Stimulus-addicted markets are driving riskier practices that could make the next crash, when it comes, substantially worse than the 2000 and 2007 bubbles, says Harry Dent.
My guest today is Harry Dent, and we’re talking about prospects for the market in 2013. Thanks Harry for joining me. So what do you think? We’ve had a pretty good run up to now. We’ve had a significant run just in the last month or so.
Yeah, we have. My view of the market is very simple: it’s just bubble, burst, bubble, burst.
Now, the first couple bubbles, the one that peaked in 2000 and then the one in 2007, had demographics and technology advancing behind that was real progress, even though we got overdone. This one is entirely generated by quantitative easing. This economy would’ve gone much deeper in recession—we would not be growing.
In fact, I dare any economist that said the economies are sustainable now: take away quantitative easing for one year and this economy will fall. In fact, the stock market would be dropping 20% in a couple days if the Fed just announced it was going to take the money back.
Do you think they’re going to continue additional quantitative easing this year?
They have to, they have to. They want to taper off, but if the economy weakens again, our view is very simple: It’s like any drug. It takes more and more to have less and less effect. It’s not real. It’s steroids, it’s crack, whatever you want to call it...and that’s what I call it.
The market’s on crack; the economy is in a coma. That’s what we’re dealing with, so they’re reviving it with artificial money. It goes into the banking system, keeps them from having to write off loans and take losses, keeps them liquid.
They turn around and reinvest it—guess what, 30 or 40 times leveraged—they buy bonds, they buy stocks, they’ve got commodities, they buy gold, whatever. It pushes up the markets, keeps wealthy people having money.
And people don’t realize they’re just raising taxes on the top 1% to 2%. Well, the top 2% control about 20% of the spending. The top 10% control almost 50%. It is affluent households in this country that are still spending. They peak in their spending later than the average family—they peaked back in 2007.
So I think what happens as you move forward, the Fed is fighting 92 million baby boomers that are going to spend less no matter what they do. They’re fighting $58 trillion in public and private debt that’s so heavy it weighs down our economy. They’re just going to have to do more and more and at some point...
Even Japan’s proven this. Japan’s been stimulating since the late 1980s. They’ve been doing quantitative easing. It revs up the economy three or four years, and then the economy just fails anyway, the fundamentals take over.
So I think what happens sometime in 2013, between 2013 and 2014, I think we transition from the bubble. We’ll see probably new highs in most indices, not a lot higher this year, but new highs. It’s going to get choppy at some point, and then I think you see another crash.
What’s going to be the catalyst for the crash?
Well, there are a lot of things. I think the upper-end households starting to get more conservative realizing their tax is going up; they do peak in spending later. Their kids are getting out of college now, so I think they may slow down unexpectedly.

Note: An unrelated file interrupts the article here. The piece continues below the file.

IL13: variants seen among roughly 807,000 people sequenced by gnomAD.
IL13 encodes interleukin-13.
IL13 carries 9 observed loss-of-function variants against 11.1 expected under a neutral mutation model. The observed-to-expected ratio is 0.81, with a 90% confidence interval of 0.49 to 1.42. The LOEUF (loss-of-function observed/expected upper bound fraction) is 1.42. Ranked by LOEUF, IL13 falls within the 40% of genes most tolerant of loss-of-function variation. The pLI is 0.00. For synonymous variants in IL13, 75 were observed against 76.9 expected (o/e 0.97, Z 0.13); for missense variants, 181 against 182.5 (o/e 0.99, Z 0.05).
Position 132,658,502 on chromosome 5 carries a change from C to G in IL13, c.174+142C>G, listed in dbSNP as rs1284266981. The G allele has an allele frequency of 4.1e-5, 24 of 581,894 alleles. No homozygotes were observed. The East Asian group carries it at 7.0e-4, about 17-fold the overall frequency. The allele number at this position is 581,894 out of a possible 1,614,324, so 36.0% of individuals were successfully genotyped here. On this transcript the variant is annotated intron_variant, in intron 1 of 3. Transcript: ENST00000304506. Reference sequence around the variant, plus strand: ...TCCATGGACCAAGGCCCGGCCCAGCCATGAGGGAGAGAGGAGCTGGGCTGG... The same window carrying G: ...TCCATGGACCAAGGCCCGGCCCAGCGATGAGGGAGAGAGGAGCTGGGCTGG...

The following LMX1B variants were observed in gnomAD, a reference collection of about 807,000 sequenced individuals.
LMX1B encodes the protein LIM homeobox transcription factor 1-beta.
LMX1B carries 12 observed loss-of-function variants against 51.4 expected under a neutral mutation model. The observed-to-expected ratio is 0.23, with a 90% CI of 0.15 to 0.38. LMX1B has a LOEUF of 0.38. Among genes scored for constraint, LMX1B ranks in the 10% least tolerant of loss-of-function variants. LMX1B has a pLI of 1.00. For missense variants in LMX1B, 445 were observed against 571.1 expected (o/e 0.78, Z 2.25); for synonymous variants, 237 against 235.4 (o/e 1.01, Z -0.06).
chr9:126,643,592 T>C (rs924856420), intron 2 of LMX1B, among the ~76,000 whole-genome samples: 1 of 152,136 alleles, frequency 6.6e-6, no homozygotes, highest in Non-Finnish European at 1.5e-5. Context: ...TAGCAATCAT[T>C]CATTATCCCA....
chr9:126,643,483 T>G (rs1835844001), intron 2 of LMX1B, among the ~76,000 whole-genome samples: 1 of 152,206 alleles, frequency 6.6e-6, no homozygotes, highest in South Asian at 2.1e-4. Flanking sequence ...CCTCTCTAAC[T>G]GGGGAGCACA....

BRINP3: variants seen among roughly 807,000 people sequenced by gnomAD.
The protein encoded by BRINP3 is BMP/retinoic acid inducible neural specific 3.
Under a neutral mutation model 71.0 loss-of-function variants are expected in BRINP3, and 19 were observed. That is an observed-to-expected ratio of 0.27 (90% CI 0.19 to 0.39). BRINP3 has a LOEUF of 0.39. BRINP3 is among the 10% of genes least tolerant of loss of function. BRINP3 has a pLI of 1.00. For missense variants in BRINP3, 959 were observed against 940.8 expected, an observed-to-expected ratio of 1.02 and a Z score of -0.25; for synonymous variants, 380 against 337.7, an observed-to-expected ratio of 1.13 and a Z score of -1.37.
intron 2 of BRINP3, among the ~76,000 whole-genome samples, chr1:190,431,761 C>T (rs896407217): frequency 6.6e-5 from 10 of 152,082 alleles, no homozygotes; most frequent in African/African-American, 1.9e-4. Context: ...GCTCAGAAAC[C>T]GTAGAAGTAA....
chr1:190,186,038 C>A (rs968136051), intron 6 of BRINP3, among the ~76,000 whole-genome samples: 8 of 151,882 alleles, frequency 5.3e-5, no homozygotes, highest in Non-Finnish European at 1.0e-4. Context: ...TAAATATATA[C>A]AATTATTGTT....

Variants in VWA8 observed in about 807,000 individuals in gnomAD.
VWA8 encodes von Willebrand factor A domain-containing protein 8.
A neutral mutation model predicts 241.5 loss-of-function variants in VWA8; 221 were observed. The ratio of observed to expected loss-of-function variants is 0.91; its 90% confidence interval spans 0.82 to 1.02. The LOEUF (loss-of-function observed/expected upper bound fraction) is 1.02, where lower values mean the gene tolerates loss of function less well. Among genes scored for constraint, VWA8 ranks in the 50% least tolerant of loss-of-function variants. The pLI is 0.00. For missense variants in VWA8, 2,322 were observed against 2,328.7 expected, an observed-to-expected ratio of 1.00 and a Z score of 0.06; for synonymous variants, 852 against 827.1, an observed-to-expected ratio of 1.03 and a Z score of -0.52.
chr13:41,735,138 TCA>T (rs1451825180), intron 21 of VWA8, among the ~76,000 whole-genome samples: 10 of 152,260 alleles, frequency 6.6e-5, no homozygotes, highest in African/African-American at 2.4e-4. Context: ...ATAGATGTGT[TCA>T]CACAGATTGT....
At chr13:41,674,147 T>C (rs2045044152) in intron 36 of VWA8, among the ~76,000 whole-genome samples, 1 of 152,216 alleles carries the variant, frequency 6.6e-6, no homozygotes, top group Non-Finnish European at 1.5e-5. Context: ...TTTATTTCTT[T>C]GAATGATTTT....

The biggest single catalyst could come from Greece and Spain. I mean, they’re in trouble. Greece is in an outright depression. No amount of stimulus has been able to turn them around. Spain is headed in the same direction.
People don’t realize that when you have a bubble economy and everything’s so stretched with debt and leverage, all it takes is a little trigger. In the last worldwide stock crash, every country in the world went down. China was down 70%. Every country was down.
It was triggered by one thing—four states and their subprime prices, California, Arizona, Nevada, and Florida. Four states...and you know what the population of those four states, about the size of Greece, Spain, Portugal. Those countries blow up and that could cause a crash. So there are a lot of things.
China’s got the biggest overbuilding bubble and the greatest real estate bubble by far in the world; almost all the cranes in the world. That’s going to burst at some point, but that’s probably the last thing that’ll happen. There are many things that could trigger it, but I’d say a blow up in southern Europe is the most likely single event.
What do you think the market will get down to?
Well, our projections show a very simple pattern. Each bubble has taken us to slight new highs, like in the S&P. So the S&P could go as high as 1,600 in 2013...and then each crash has taken us to slight new lows. That would mean about 6,000 on the Dow and about 600 on the S&P 500.
That’s a 60% correction; it’s called a megaphone pattern. So the new normal to me, as Bill Gross said, 2% in bonds, 4% in stocks. Hey, I would take that happily if you could get it.
The new normal is just a greater rollercoaster because we've got markets on crack. All this Fed stimulus, all this money pushed in the financial system, just creates bubbles.
And governments are just keeping the bubbles going. The very things that created all our problems. All this debt and all this overvaluation and craziness. They’re keeping it going because they know that burst, it’s going to be really messy, and nobody wants it to burst on their watch—not Ben Bernanke, not any president or prime minister. So they’re just going to do it until it fails.